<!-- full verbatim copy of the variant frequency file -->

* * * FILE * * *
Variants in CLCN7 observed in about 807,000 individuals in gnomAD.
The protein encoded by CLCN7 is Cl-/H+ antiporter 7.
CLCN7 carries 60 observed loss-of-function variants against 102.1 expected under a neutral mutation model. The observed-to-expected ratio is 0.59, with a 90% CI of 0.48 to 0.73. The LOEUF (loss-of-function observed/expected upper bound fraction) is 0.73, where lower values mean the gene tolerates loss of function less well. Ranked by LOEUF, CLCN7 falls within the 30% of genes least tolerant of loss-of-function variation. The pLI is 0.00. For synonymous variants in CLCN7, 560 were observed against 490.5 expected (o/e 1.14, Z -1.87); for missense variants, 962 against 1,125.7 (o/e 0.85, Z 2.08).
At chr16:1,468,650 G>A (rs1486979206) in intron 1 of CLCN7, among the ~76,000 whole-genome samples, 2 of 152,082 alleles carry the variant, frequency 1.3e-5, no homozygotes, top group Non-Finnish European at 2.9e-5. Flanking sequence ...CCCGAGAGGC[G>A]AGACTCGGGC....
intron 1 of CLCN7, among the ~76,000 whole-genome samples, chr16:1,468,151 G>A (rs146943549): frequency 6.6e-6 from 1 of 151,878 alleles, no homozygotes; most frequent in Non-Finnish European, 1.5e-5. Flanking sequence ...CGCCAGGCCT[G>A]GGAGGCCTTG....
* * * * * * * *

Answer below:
Variants in CLCN7 observed in about 807,000 individuals in gnomAD.
The protein encoded by CLCN7 is Cl-/H+ antiporter 7.
CLCN7 carries 60 observed loss-of-function variants against 102.1 expected under a neutral mutation model. The observed-to-expected ratio is 0.59, with a 90% CI of 0.48 to 0.73. The LOEUF (loss-of-function observed/expected upper bound fraction) is 0.73, where lower values mean the gene tolerates loss of function less well. Ranked by LOEUF, CLCN7 falls within the 30% of genes least tolerant of loss-of-function variation. The pLI is 0.00. For synonymous variants in CLCN7, 560 were observed against 490.5 expected (o/e 1.14, Z -1.87); for missense variants, 962 against 1,125.7 (o/e 0.85, Z 2.08).
At chr16:1,468,650 G>A (rs1486979206) in intron 1 of CLCN7, among the ~76,000 whole-genome samples, 2 of 152,082 alleles carry the variant, frequency 1.3e-5, no homozygotes, top group Non-Finnish European at 2.9e-5. Flanking sequence ...CCCGAGAGGC[G>A]AGACTCGGGC....
intron 1 of CLCN7, among the ~76,000 whole-genome samples, chr16:1,468,151 G>A (rs146943549): frequency 6.6e-6 from 1 of 151,878 alleles, no homozygotes; most frequent in Non-Finnish European, 1.5e-5. Flanking sequence ...CGCCAGGCCT[G>A]GGAGGCCTTG....